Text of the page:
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microfinance in India

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  • 1. Microfinance in India
    • Evolution of Microfinance in India
    • Microfinance has been in practice for ages ( though informally).
    • Legal framework for establishing the co-operative movement set up in 1904.
    • Reserve Bank of India Act, 1934 provided for the establishment of the Agricultural Credit Department.
    • Nationalisation of banks in 1969
    • Regional Rural Banks created in 1975.
    • NABARD established as an apex agency for rural finance in 1982.
    • Passing of Mutually Aided Co-op. Act in AP in 1995.
  • 2. The Profile of Microfinance in India
    • The scenario
    • Estimated that 350 million people live Below Poverty Line
    • This translates to approximately 75 million households.
    • Annual credit demand by the poor in the country is estimated to be about Rs. 60,000 crores.
    • Cumulative disbursements under all microfinance programmes is only about Rs. 5000 crores.(Mar. 04)
    • Total outstanding of all microfinance initiatives in India estimated to be Rs. 1600 crores. (March 04)
    • Only about 5 % of rural poor have access to microfinance.
  • 3. The Profile of MF in India (Contd.)
    • Though a cumulative of about 20 million families have accessed microfinance to the extent of Rs. 5000 crores, the total outstanding is estimated to be only about Rs. 1600 crores. The active borrowers are estimated to have a per capita outstanding of only Rs. 2500.
    • While 10 % lending to weaker sections is required for commercial banks, they neither have the network for lending and supervision on a large scale nor the confidence to offer term loans to big MFIs.
    • The non poor comprise of 29 % of the outreach.
  • 4. The Status of Microfinance in India
    • Considerable gap between demand and supply for all financial services
    • Majority of poor are excluded from financial services. This is due to, inter-alia, the following reasons
    • Bankers feel that it is fraught with risks and uncertainties.
    • High transaction costs
    • Unfavourable policies like caps on interest rates which effectively limits the viability of serving the poor.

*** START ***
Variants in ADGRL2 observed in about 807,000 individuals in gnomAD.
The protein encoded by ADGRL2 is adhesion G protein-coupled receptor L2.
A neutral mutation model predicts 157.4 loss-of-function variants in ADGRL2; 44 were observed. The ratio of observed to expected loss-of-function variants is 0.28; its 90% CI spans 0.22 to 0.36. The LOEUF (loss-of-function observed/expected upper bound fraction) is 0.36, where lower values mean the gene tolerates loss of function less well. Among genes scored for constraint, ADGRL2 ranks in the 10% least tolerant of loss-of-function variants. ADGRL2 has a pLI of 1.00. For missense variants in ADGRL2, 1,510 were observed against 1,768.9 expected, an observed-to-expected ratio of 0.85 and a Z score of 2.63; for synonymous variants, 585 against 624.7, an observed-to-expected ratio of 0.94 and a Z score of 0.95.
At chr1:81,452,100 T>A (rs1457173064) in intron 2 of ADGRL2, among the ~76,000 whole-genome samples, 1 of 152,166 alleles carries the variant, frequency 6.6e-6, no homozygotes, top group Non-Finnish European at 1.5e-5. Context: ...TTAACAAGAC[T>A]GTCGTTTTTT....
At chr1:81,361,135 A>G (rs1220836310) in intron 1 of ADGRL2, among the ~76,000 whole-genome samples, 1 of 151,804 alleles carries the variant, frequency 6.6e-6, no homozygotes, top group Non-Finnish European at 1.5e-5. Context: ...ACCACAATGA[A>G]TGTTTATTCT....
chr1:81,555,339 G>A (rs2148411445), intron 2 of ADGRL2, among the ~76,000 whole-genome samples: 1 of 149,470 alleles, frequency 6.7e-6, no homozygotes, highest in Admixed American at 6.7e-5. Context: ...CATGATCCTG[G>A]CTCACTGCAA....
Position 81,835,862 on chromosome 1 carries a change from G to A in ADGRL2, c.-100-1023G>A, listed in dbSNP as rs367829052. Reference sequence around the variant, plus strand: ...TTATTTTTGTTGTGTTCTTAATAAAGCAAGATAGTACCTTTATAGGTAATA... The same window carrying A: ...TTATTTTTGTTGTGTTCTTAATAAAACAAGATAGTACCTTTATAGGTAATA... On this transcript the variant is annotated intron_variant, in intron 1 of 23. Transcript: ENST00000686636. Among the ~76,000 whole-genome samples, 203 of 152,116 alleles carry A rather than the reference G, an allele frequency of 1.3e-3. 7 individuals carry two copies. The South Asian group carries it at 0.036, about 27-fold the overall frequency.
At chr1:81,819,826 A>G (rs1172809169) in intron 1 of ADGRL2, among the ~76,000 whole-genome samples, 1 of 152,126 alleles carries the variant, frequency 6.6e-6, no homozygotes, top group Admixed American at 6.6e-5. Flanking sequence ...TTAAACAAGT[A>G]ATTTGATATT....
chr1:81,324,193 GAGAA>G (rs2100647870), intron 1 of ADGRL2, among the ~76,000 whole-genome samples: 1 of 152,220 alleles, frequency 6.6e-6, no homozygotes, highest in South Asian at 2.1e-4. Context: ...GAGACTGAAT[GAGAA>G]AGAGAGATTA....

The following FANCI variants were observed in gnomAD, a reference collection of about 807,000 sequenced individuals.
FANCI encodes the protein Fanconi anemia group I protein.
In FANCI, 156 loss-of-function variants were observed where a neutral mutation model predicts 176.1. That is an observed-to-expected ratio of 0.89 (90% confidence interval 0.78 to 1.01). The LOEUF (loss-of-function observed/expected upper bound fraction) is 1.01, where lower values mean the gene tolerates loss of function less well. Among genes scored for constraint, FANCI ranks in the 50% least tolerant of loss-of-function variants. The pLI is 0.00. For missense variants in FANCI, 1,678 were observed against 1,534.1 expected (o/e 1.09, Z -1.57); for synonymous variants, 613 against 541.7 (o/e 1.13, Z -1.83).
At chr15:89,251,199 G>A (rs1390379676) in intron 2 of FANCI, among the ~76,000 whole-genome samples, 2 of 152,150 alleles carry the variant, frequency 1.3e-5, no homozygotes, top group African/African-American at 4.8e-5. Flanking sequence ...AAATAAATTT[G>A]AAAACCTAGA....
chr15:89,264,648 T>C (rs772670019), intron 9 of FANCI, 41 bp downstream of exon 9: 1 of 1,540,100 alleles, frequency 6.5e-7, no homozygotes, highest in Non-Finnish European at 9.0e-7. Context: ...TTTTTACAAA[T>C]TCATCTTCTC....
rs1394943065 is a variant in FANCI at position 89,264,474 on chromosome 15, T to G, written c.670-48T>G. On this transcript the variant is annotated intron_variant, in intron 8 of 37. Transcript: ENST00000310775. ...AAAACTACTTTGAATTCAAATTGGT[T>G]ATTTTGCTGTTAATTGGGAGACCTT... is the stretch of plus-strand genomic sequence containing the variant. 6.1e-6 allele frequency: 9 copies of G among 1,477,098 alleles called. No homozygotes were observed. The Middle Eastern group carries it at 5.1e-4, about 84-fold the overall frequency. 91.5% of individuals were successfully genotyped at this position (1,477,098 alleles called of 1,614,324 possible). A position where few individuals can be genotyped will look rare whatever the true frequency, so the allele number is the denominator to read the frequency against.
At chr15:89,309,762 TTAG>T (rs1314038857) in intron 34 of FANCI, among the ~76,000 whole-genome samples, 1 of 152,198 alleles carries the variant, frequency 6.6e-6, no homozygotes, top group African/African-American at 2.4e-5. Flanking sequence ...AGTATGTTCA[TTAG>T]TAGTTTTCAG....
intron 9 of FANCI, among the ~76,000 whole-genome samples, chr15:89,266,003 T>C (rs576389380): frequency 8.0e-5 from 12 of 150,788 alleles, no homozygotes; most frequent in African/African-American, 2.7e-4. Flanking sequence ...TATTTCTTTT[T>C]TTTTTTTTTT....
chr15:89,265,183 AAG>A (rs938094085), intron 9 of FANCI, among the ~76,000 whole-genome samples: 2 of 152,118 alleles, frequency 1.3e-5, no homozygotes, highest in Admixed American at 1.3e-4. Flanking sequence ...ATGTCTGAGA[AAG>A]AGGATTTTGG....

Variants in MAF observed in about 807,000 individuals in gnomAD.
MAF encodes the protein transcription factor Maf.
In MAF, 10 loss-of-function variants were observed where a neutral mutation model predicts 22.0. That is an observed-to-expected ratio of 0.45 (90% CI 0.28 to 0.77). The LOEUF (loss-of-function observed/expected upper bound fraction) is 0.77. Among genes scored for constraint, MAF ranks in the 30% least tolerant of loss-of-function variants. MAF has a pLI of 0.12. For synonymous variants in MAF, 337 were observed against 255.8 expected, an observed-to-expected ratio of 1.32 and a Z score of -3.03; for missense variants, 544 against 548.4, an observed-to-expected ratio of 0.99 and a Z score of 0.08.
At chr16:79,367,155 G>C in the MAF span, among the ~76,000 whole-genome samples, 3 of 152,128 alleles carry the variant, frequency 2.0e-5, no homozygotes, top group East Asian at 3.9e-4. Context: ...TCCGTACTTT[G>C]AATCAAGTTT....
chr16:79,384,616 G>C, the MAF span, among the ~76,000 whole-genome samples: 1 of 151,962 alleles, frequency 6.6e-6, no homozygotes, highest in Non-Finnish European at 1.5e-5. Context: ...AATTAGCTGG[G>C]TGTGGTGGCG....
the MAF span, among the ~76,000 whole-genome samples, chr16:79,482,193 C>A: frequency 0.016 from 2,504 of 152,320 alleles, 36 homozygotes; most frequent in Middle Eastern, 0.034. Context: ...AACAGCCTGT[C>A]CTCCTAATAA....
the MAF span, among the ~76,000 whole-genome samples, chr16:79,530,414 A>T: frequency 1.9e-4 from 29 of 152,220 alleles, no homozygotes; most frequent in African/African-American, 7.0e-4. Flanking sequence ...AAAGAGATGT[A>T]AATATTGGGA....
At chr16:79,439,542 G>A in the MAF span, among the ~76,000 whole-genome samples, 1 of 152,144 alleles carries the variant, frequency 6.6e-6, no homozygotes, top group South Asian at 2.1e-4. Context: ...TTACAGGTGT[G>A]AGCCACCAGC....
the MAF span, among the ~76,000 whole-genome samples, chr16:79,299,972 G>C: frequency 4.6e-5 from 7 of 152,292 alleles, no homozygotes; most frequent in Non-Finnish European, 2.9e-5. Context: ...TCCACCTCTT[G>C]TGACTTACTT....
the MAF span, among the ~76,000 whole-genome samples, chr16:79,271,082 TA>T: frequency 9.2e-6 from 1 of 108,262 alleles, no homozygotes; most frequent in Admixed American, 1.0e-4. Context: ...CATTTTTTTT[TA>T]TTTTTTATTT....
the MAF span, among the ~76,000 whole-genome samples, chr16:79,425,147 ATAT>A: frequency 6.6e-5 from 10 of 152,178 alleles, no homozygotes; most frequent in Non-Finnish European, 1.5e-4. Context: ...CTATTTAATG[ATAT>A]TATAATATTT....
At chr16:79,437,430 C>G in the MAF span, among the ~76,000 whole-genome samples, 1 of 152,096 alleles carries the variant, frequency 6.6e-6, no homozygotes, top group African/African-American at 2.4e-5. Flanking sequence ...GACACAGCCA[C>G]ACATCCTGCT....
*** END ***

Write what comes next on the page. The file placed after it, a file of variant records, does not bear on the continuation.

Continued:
• While MFIs have shown that serving the poor is not an unviable proposition there are issues that have constrained MFIs while scaling up. These include
    • Lack of an appropriate legal vehicle
    • Limited access to equity
    • Difficulty in accessing low cost on-lending funds (as of now they are unable to offer savings services in a legitimate manner.
  • 5. The Status of MF in India (Contd.)
    • Limited access to Capacity Building support which is an important variable in terms of quality of the portfolio, MIS, and the sustainability of operations.
    • About 56 % of the poor still borrow from informal sources.
    • 70 % of the rural poor do not have a deposit account
    • 87 % have no access to credit from formal sources.
    • Less than 15 % of the households have any kind of insurance.
    • Negligible numbers have access to health insurance (0.4 %) and crop insurance (0.2 %).
  • 6. Features of Indian MF
    • About 60 % of the MFIs are registered as societies.
    • About 20 % are Trusts
    • About 65 % of the MFIs follow the operating model of SHGs.
    • Large concentration in South India
    • 600 MFI initiatives have a cumulative outreach of 1.25 crore poor hoseholds
    • NABARD’s bank linkage program has cumulatively reached a total of 9.4 lakh SHGs with about 1.4 crore households.
  • 7. Projections for the future
    • Annual growth rate of about 20 % during the next five years.
    • 75 % of the total poor households of 80 million (i.e. about 60 million will be reached in the next five years.
    • The loan outstanding will consequently grow from the present level of about 1600 crores to about 42000 crores.
  • 8. Challenges ahead
    • Appropriate legal structures for the structured growth of MF operations
    • Finding adequate levels of equity for the new entities to leverage loan funds
    • Ability to access loan funds at reasonably low rates of interest.
    • Ability to attract and retain professional and committed human resources.
    • Design of apt MIS including user friendly software for tracking accounts and operations.
    • Appropriate loan products for different segments.
  • 9. Challenges (Contd.)
    • Ability to innovate, adapt and grow.
    • Bring out a compendium of small and micro enterprises for the MF clients.
    • Identify and prepare a panel of locally available trainers.
    • Ability to train trainers.
    • Capacity to provide backward linkages or create support structures for marketing.
  • 10. Related Issues
    • Designing financially sustainable models
    • Aim for community participation & ownership
    • Increase outreach and scale up operations
    • Demonstrate that banking with the poor is viable
    • Build professional systems and processes.
    • Ensure transparency and enhance credibility through disclosures.
    • Provide support for capacity building initiatives.
  • 11. Ideological Issues
    • Are MFIs guilty of sacrificing “targetting” at the altar of financial sustainability?.
    • Can MF ever be inclusive of the bottom two quintiles below the poverty line?. Are the economically inactive ineligible?
    • How to include the developmental agenda without compromising on financial sustainability